GenAI baby steps are fine

A picture of a single footprint in the sand.

GenAI baby steps are fine





GenAI baby steps are fine


Tony Hallett
Managing director

Tony set up Collective Content in 2011 so brands can more easily become publishers and tell stories. This built on 15 years in media, from reporter to publishing director at Silicon Media Group, CNET Networks and CBS Interactive.

I talk a lot (too much?) about some of the not-so-great uses of GenAI that we’re seeing right now. That could mean for copywriting or graphic design, as well as other artistic avenues like poetry and songwriting.

On the visual side, recent viral moments around extending classic album covers – which teenagers on TikTok seem to have been the first to experiment with – and making famous memes into short moving clips using Luma AI’s Dream Machine come to mind. It’s fair to say I haven’t been much of a fan of either, and the ‘why’ of that isn’t the point here.

But I do want to talk about a modest way that GenAI is working for us here at Collective Content.

One of our team, Daine Lindsay, has extended open source stock imagery for some of our recent posts using Adobe Photoshop. And I’m happy to have the discussion about what’s right and wrong about doing that, albeit here with imagery open sourced under a Creative Commons licence.

The reason is very simple: it’s just to get the right aspect ratio for posting on LinkedIn. Previously we would have cropped an image in a certain way, but this is arguably better.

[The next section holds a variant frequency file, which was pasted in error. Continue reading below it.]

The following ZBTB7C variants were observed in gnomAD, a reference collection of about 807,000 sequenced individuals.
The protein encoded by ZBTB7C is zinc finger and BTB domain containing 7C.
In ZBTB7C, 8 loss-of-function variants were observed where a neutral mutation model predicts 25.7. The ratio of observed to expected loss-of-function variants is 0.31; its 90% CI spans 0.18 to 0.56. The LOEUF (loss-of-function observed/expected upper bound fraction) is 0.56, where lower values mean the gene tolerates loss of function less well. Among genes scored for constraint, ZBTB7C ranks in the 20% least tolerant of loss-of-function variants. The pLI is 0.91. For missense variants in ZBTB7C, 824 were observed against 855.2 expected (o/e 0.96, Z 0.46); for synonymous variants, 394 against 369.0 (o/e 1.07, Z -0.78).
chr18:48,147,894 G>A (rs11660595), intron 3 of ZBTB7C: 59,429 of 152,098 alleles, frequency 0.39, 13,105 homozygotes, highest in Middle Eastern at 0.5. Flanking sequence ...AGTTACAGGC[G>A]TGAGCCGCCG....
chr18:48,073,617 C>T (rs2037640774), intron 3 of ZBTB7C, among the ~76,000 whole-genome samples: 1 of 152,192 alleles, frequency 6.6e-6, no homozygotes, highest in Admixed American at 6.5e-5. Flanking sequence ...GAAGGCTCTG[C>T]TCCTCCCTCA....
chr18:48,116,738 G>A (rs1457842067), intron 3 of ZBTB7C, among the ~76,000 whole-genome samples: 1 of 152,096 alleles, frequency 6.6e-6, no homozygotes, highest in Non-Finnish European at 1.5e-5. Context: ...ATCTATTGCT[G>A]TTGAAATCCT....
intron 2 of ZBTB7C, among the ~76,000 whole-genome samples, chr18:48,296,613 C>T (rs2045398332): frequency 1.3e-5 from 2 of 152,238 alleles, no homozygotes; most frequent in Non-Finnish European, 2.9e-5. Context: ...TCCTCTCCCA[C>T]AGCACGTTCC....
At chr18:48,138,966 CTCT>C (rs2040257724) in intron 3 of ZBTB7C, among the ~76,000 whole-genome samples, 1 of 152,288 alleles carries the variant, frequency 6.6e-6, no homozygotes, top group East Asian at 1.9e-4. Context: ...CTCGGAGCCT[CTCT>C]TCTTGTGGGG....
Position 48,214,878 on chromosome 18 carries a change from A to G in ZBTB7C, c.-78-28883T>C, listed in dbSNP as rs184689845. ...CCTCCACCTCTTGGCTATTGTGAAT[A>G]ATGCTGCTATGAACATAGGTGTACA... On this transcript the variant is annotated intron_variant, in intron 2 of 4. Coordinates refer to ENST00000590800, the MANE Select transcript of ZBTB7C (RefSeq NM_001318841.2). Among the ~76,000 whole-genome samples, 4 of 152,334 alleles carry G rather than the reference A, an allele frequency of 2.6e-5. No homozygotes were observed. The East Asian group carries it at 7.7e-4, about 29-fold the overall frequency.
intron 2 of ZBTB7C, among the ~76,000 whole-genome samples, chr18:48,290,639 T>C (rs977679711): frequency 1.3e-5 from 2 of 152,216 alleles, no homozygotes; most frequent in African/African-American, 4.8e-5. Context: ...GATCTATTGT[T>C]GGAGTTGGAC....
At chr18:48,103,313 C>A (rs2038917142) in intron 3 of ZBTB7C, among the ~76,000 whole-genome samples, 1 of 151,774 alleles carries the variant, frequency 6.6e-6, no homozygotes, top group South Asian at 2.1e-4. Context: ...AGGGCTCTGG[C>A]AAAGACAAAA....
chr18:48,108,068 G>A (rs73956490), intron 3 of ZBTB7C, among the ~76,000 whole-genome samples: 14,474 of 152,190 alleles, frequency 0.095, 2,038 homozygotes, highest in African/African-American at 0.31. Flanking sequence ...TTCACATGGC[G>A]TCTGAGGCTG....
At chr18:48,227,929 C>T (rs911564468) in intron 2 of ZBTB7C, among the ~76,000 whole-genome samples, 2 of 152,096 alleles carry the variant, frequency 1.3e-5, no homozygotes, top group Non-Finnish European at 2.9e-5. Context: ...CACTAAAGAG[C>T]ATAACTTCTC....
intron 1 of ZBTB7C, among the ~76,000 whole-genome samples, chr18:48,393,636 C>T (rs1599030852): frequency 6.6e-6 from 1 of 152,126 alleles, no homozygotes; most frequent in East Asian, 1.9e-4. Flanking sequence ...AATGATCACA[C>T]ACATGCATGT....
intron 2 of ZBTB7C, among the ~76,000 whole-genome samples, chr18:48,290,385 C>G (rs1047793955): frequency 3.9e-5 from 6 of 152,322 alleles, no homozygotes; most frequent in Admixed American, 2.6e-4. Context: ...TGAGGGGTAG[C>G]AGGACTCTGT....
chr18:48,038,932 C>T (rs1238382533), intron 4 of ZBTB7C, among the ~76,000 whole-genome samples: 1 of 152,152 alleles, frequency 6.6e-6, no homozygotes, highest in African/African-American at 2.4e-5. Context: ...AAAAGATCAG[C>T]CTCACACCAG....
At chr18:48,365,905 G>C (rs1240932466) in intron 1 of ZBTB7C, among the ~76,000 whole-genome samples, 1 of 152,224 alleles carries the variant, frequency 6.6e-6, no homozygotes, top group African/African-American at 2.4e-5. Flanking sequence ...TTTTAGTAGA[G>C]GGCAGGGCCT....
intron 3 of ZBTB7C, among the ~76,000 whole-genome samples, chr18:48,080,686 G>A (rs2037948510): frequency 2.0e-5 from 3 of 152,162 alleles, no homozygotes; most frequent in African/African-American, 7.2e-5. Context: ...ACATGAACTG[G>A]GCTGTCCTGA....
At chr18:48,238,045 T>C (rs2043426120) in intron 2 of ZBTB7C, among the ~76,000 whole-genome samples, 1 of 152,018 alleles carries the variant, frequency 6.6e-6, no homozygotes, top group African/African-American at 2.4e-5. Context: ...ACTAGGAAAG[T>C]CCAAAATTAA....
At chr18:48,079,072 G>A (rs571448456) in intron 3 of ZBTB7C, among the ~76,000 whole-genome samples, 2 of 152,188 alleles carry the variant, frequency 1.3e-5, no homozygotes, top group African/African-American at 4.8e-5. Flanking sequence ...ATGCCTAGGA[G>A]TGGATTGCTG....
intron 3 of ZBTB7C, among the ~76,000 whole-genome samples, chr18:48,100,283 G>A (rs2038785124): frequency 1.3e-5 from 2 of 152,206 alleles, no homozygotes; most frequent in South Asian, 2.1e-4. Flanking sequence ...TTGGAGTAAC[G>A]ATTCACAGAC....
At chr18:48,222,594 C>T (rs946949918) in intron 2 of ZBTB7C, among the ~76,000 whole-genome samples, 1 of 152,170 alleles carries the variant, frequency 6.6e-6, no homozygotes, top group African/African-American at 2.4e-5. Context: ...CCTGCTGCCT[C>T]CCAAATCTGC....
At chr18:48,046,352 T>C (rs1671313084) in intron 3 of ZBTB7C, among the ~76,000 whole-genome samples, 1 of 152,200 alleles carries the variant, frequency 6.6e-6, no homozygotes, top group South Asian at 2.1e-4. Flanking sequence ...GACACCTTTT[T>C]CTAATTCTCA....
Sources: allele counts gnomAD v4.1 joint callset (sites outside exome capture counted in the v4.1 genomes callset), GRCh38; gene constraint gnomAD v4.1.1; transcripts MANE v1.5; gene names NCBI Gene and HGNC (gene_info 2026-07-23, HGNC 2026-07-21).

Take two recent posts in a series for another team member, Becky Thompson.

In the first instance, this go-getting rock jumper was snapped in portrait. The AI ‘imagined’ the rocks and landscape either side of what was in the first image.

In the second instance, we extended four paint rollers (actually more like three and a half) into six. Note how the right-hand-side strip is a kind of cyan colour but the paint on the roller is green. We’re not saying this works perfectly, but are OK with such a minor detail.

Also note that some of the other options in the second Photoshop example weren’t usable. Even this modest use of GenAI is still a work in progress.

Rather than starting with the most ambitious uses of AI (let’s remix the greatest works of art of the past 100 years, what could go wrong?), it’s with gradual steps like this that creative teams can harness AI’s power, while still keeping standards high.

There are probably a thousand things we could be experimenting with right now, but small teams can start with just a handful, often around process, research and admin, as much as creative output. The latter still relies mainly on humans, with their decades of experience and judgement.